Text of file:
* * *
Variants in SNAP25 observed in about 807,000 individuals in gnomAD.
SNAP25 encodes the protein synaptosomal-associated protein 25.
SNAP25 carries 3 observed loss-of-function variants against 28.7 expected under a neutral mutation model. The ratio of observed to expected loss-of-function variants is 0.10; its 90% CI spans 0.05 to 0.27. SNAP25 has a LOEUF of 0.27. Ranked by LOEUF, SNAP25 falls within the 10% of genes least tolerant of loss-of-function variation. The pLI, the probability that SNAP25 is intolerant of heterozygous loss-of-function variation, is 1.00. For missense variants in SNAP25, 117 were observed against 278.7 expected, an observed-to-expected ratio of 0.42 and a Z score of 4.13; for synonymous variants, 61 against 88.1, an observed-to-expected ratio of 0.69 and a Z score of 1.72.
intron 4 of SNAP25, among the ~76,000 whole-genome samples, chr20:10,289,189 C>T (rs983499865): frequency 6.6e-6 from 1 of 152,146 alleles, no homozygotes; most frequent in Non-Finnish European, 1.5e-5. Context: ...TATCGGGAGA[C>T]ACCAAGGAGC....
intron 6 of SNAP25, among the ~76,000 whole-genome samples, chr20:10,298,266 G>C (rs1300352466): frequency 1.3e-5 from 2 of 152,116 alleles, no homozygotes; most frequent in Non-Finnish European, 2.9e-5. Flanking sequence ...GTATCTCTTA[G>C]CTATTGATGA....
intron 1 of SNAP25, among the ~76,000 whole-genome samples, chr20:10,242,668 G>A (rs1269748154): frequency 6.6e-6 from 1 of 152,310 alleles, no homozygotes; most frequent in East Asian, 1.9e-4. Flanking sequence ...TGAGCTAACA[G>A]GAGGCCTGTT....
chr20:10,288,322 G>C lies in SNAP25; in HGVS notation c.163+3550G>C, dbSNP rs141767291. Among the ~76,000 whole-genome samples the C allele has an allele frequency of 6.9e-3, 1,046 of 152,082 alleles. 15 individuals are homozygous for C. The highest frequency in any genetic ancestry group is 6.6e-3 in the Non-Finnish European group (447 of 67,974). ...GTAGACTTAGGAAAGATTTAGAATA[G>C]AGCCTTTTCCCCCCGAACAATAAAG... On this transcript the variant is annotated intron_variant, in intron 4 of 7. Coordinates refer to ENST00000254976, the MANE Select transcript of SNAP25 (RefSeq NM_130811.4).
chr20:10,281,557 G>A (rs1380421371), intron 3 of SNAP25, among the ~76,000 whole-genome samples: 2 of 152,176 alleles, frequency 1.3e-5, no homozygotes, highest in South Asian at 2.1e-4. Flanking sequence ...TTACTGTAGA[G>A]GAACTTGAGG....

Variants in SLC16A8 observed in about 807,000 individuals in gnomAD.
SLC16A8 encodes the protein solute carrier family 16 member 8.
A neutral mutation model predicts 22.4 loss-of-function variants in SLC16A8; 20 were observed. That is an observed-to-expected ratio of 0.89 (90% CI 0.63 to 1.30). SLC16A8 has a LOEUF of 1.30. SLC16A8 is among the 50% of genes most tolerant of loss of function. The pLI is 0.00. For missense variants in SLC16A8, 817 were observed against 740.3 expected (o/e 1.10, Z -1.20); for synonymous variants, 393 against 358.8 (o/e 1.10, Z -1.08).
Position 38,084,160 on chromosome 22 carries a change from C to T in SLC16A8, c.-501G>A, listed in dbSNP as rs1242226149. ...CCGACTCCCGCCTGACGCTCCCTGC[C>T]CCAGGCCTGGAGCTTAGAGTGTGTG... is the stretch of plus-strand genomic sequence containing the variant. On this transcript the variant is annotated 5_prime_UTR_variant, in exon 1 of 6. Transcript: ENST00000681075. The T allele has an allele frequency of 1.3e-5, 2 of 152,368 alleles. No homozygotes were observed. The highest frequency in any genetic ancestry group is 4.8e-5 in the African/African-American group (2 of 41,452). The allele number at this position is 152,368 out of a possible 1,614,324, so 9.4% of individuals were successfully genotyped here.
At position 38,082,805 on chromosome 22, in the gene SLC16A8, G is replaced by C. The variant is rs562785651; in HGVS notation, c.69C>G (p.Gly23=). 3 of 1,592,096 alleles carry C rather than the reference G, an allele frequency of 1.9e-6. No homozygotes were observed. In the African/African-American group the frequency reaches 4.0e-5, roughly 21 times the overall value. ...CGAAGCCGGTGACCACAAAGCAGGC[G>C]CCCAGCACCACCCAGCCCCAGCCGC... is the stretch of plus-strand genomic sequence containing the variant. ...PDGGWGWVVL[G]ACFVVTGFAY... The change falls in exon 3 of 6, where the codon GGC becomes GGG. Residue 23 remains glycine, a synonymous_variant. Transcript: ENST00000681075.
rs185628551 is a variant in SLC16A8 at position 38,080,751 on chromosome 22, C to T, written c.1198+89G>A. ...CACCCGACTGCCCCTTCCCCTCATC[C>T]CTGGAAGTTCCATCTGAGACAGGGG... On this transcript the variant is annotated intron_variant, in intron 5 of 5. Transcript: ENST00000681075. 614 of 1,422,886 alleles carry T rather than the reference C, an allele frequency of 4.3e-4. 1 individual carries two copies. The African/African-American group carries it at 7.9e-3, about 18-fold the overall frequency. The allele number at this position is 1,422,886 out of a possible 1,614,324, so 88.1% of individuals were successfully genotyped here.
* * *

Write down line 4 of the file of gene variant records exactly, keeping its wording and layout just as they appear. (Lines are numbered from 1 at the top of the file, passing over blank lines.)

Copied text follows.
intron 4 of SNAP25, among the ~76,000 whole-genome samples, chr20:10,289,189 C>T (rs983499865): frequency 6.6e-6 from 1 of 152,146 alleles, no homozygotes; most frequent in Non-Finnish European, 1.5e-5. Context: ...TATCGGGAGA[C>T]ACCAAGGAGC....